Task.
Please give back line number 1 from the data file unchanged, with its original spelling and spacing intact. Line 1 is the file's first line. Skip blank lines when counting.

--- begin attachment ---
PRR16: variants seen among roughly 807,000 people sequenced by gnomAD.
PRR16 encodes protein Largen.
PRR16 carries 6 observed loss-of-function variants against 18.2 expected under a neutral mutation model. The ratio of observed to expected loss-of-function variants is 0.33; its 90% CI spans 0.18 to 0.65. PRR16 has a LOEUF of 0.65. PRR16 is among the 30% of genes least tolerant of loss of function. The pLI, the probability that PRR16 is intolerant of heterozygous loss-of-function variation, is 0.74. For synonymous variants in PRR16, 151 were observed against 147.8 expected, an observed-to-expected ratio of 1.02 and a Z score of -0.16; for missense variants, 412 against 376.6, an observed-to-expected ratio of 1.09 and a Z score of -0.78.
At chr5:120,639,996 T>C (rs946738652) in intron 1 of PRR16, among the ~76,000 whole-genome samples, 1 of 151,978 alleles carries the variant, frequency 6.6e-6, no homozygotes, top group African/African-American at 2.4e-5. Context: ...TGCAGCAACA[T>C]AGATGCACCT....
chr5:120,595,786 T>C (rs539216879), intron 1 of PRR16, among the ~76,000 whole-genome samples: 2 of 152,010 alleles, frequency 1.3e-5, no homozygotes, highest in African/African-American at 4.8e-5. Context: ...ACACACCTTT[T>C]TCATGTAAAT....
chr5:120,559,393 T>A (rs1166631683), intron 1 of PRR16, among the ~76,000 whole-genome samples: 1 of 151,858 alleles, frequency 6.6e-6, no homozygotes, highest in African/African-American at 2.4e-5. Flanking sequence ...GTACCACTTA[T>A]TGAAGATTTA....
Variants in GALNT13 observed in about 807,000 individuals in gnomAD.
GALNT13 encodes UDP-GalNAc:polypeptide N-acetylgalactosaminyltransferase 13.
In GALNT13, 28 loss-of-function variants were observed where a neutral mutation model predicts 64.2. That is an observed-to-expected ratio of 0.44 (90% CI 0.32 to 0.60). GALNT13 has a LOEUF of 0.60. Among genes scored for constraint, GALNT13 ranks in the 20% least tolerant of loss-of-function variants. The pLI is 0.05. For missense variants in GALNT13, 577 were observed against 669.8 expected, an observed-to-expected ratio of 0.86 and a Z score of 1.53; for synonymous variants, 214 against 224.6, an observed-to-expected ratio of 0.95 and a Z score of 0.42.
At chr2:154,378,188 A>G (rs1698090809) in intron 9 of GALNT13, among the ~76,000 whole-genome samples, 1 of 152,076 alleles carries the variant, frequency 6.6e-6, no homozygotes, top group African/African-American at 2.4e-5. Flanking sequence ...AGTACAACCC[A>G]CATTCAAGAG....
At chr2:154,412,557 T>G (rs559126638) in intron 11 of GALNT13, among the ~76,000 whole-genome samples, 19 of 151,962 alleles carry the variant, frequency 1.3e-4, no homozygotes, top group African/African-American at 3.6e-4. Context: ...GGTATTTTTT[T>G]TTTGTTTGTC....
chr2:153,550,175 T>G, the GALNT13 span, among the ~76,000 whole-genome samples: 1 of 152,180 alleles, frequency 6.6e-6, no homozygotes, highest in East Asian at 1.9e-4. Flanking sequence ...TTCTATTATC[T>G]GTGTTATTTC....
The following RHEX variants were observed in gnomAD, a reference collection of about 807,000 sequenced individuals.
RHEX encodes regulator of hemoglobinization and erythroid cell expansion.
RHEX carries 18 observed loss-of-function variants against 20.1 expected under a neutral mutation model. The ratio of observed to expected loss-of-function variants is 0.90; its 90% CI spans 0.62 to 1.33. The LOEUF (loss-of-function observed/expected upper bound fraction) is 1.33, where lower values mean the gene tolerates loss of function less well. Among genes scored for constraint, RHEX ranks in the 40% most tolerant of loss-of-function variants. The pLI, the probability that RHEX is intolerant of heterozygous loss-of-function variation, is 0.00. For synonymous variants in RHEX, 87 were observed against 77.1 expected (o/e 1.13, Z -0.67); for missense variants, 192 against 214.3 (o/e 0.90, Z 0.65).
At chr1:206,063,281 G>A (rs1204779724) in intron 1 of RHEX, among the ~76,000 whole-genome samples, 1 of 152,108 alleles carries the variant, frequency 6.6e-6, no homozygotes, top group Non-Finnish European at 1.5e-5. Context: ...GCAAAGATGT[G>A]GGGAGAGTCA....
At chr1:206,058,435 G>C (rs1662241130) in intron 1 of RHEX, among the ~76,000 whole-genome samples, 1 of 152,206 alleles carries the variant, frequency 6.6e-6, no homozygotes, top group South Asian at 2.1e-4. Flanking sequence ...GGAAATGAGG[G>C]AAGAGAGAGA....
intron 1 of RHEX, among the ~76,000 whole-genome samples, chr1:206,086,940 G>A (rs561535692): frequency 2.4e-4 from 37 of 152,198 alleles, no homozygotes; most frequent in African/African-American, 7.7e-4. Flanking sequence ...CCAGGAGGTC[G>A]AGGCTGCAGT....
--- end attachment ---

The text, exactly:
PRR16: variants seen among roughly 807,000 people sequenced by gnomAD.